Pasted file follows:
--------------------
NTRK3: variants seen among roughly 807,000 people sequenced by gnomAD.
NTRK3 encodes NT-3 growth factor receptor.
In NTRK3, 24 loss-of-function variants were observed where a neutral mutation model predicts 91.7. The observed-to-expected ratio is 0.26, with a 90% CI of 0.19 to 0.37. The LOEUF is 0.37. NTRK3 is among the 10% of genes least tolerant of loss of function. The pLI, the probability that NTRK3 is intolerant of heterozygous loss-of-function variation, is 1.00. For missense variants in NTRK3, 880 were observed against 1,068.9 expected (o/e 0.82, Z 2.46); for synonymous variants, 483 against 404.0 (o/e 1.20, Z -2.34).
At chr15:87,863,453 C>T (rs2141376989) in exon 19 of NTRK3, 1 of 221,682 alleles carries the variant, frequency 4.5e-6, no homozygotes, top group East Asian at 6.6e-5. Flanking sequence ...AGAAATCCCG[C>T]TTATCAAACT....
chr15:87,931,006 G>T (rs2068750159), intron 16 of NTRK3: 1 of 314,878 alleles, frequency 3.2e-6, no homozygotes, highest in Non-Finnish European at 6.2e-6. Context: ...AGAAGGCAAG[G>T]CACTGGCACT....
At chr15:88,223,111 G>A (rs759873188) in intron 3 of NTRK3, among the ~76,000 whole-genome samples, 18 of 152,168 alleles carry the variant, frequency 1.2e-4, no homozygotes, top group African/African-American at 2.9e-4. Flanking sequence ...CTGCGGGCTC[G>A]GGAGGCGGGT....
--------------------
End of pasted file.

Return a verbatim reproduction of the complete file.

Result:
NTRK3: variants seen among roughly 807,000 people sequenced by gnomAD.
NTRK3 encodes NT-3 growth factor receptor.
In NTRK3, 24 loss-of-function variants were observed where a neutral mutation model predicts 91.7. The observed-to-expected ratio is 0.26, with a 90% CI of 0.19 to 0.37. The LOEUF is 0.37. NTRK3 is among the 10% of genes least tolerant of loss of function. The pLI, the probability that NTRK3 is intolerant of heterozygous loss-of-function variation, is 1.00. For missense variants in NTRK3, 880 were observed against 1,068.9 expected (o/e 0.82, Z 2.46); for synonymous variants, 483 against 404.0 (o/e 1.20, Z -2.34).
At chr15:87,863,453 C>T (rs2141376989) in exon 19 of NTRK3, 1 of 221,682 alleles carries the variant, frequency 4.5e-6, no homozygotes, top group East Asian at 6.6e-5. Flanking sequence ...AGAAATCCCG[C>T]TTATCAAACT....
chr15:87,931,006 G>T (rs2068750159), intron 16 of NTRK3: 1 of 314,878 alleles, frequency 3.2e-6, no homozygotes, highest in Non-Finnish European at 6.2e-6. Context: ...AGAAGGCAAG[G>T]CACTGGCACT....
At chr15:88,223,111 G>A (rs759873188) in intron 3 of NTRK3, among the ~76,000 whole-genome samples, 18 of 152,168 alleles carry the variant, frequency 1.2e-4, no homozygotes, top group African/African-American at 2.9e-4. Flanking sequence ...CTGCGGGCTC[G>A]GGAGGCGGGT....